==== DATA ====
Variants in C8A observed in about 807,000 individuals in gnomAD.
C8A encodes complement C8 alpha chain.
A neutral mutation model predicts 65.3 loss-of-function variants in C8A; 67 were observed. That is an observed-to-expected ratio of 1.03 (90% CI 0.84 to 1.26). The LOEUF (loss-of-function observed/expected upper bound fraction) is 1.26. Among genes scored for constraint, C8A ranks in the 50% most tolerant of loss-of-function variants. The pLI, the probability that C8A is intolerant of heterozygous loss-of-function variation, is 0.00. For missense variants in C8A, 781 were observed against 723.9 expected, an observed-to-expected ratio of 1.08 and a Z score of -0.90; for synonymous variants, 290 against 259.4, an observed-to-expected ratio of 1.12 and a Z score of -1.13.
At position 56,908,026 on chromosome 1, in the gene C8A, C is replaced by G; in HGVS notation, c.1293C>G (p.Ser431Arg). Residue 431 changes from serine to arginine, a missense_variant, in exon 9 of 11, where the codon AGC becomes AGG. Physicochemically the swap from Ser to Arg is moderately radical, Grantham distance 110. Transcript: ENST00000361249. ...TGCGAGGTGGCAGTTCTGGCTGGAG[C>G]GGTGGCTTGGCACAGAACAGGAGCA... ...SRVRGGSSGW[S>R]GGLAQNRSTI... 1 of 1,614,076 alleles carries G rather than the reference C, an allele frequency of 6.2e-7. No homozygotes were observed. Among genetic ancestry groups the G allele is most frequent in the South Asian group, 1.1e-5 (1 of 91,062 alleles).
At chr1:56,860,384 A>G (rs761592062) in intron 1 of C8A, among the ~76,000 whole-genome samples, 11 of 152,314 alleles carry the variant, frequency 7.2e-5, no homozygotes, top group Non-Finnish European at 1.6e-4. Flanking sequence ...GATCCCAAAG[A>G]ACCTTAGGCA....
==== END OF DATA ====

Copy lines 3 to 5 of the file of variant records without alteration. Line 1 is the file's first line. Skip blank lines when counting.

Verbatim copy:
A neutral mutation model predicts 65.3 loss-of-function variants in C8A; 67 were observed. That is an observed-to-expected ratio of 1.03 (90% CI 0.84 to 1.26). The LOEUF (loss-of-function observed/expected upper bound fraction) is 1.26. Among genes scored for constraint, C8A ranks in the 50% most tolerant of loss-of-function variants. The pLI, the probability that C8A is intolerant of heterozygous loss-of-function variation, is 0.00. For missense variants in C8A, 781 were observed against 723.9 expected, an observed-to-expected ratio of 1.08 and a Z score of -0.90; for synonymous variants, 290 against 259.4, an observed-to-expected ratio of 1.12 and a Z score of -1.13.
At position 56,908,026 on chromosome 1, in the gene C8A, C is replaced by G; in HGVS notation, c.1293C>G (p.Ser431Arg). Residue 431 changes from serine to arginine, a missense_variant, in exon 9 of 11, where the codon AGC becomes AGG. Physicochemically the swap from Ser to Arg is moderately radical, Grantham distance 110. Transcript: ENST00000361249. ...TGCGAGGTGGCAGTTCTGGCTGGAG[C>G]GGTGGCTTGGCACAGAACAGGAGCA... ...SRVRGGSSGW[S>R]GGLAQNRSTI... 1 of 1,614,076 alleles carries G rather than the reference C, an allele frequency of 6.2e-7. No homozygotes were observed. Among genetic ancestry groups the G allele is most frequent in the South Asian group, 1.1e-5 (1 of 91,062 alleles).
At chr1:56,860,384 A>G (rs761592062) in intron 1 of C8A, among the ~76,000 whole-genome samples, 11 of 152,314 alleles carry the variant, frequency 7.2e-5, no homozygotes, top group Non-Finnish European at 1.6e-4. Flanking sequence ...GATCCCAAAG[A>G]ACCTTAGGCA....